M:I Products

MISSION:INTANGIBLE, the blog of the Intangible Asset Finance Society, offers critical comments on intangible asset, corporate reputation, and finance; supplemented by quantitative reputation metrics. Intangible assets include business processes, patents, trademarks; reputations for ethics and integrity; quality, safety, sustainability, security, and resilience; and comprise 70% of the average company's value. MISSION:INTANGIBLE is a registered trademark of the Intangible Asset Finance Society.

Read future M:I posts via RSS RSS

Employer brand

Nir Kossovsky - Wednesday, September 02, 2009
Stefan Stern writes on management for the Financial Times. In yesterday’s issue, he reviewed the concept of “employer brand.” According to the consultancy Business in People, (BiP), the employer brand “encapsulates how your workforce behaves, the impression employees create while carrying out their work, how well they are managed and led, whether or not they feel engaged, and so on.” It is an intangible asset that attracts and retains employees.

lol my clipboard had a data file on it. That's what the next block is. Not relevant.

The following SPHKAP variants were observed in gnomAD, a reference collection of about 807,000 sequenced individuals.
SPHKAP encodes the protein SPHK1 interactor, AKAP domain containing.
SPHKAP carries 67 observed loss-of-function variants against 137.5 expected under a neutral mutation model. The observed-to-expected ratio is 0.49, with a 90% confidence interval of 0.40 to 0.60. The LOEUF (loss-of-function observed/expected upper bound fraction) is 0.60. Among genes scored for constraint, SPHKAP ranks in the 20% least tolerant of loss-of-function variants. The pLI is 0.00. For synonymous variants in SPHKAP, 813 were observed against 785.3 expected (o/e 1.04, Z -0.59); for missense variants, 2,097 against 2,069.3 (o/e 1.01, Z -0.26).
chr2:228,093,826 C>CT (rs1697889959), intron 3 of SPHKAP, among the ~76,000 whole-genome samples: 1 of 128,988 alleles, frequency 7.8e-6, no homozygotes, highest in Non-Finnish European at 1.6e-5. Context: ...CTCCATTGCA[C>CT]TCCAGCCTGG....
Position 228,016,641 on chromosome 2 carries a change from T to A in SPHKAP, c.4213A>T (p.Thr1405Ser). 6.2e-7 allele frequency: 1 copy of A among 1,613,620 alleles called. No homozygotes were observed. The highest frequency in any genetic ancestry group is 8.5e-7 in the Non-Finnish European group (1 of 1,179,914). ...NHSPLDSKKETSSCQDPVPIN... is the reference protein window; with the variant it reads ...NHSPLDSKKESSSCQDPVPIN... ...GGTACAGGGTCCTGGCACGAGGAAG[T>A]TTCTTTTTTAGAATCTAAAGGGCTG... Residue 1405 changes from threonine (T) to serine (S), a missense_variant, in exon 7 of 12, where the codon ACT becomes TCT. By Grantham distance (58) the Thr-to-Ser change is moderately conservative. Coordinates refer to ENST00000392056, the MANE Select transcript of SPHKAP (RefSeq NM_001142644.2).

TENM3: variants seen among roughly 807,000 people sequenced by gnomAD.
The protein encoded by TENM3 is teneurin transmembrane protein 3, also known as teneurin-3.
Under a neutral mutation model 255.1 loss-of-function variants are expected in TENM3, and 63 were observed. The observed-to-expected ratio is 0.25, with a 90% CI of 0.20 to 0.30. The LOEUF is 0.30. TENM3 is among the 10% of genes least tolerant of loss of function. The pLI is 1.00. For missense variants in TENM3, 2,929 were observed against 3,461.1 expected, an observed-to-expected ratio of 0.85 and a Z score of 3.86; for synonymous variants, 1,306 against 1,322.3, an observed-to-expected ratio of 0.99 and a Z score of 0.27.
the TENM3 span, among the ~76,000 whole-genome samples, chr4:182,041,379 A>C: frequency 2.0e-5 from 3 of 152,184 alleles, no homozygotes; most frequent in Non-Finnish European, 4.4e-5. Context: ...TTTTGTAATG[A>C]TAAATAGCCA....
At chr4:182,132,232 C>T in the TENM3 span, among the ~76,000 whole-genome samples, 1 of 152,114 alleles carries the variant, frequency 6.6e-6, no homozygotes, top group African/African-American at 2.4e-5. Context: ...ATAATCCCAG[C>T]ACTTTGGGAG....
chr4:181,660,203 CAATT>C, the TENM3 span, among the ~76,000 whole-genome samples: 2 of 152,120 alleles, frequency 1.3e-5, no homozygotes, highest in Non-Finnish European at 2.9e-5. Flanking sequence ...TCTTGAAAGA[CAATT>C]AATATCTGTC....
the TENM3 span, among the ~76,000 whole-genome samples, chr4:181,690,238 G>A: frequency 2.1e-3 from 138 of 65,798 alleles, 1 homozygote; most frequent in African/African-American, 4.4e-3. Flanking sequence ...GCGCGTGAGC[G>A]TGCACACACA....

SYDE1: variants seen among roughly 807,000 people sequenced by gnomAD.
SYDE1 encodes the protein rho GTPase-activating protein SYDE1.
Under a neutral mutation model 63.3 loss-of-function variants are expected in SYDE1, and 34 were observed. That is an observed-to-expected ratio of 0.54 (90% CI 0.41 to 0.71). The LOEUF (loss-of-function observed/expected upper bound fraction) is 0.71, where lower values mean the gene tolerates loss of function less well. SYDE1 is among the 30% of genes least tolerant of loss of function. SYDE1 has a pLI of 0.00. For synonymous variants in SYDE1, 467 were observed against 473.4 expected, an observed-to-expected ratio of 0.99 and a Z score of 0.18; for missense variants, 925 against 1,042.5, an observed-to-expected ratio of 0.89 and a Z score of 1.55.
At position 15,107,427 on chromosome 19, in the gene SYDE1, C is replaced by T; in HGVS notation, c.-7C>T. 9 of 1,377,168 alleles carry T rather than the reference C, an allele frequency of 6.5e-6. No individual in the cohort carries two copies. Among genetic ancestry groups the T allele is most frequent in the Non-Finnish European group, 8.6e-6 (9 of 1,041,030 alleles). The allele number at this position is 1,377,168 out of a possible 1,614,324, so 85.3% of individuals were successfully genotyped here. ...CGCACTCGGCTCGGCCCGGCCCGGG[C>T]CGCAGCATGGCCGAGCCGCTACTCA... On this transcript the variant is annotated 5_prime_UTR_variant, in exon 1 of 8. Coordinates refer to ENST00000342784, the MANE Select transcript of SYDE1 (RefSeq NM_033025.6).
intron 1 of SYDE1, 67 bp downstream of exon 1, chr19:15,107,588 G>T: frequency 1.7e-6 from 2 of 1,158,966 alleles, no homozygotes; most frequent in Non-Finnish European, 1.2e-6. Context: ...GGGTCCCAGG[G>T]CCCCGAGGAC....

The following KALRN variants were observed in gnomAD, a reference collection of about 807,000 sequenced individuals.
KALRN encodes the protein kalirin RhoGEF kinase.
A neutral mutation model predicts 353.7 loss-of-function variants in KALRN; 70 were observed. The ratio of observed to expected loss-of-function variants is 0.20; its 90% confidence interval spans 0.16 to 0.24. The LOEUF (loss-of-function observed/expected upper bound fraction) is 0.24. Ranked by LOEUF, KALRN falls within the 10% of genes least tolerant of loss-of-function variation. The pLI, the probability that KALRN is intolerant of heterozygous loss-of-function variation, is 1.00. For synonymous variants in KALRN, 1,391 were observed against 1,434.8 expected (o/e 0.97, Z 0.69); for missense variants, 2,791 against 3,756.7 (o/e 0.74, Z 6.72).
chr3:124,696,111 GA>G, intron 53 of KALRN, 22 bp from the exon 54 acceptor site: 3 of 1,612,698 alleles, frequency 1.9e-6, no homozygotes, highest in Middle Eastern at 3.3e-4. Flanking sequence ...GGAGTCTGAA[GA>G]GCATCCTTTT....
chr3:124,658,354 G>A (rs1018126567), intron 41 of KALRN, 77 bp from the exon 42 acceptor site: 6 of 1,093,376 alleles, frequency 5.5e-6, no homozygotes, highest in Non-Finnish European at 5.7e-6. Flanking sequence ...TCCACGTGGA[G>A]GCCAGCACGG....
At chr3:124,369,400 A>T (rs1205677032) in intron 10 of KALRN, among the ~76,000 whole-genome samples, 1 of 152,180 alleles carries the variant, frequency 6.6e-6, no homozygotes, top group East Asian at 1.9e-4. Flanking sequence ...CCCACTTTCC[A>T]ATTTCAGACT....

In the language of the Intangible Asset Finance Society, “employer brand” translates to “business processes and reputation.” And as the call out in the FT article affirms, “when it comes to retaining good people or attracting new ones, your image and reputation count.”

So far so good. Stern writes that Hiscox Ltd (LON:HSX), an insurance firm, realized a 30% increase in EBITDA last year. The firm’s CEO engages BiP. Proof that a good reputation arising from good human resources business processes fosters above average returns. And we have no argument with the conclusion.

Stern then writes that BT Group plc  (NYSE:BT), the telecommunications conglomerate, failed to honor its commitment to attend a recruiting fair leaving an indelible stain on their reputation. And their stock price is down 30% over the past year. BT's attitude to people, he notes, is very different than Hiscox's and by implication explains the differences in economic performance. 

We can not independently test the contrasting reputations with the Steel City Re Corporate Reputation Index since it currently does not extend to companies trading on non-US exchanges, and we do not dispute the economic results. But we would like to verify the implied relationship since it is a core area of interest to the Society.

Fortunately, Stern’s newspaper, the FT publishes a sentiment index through its affiliate, Newssift. The FT Newssift sentiment data that offer rough measures of reputation as reflected in the business press, do not support Stern’s argument.

As shown below, for the twelve month period between 2 Sep 2008 and 2 Sep 2009, articles in the business press covering Hiscox were positive 43% of the time, and negative 23% of the time; articles covering BT were positive 49% of the time and negative 18% of the time. By this metric, BT has a superior reputation.

We have invited Stern to comment.

Recent Comments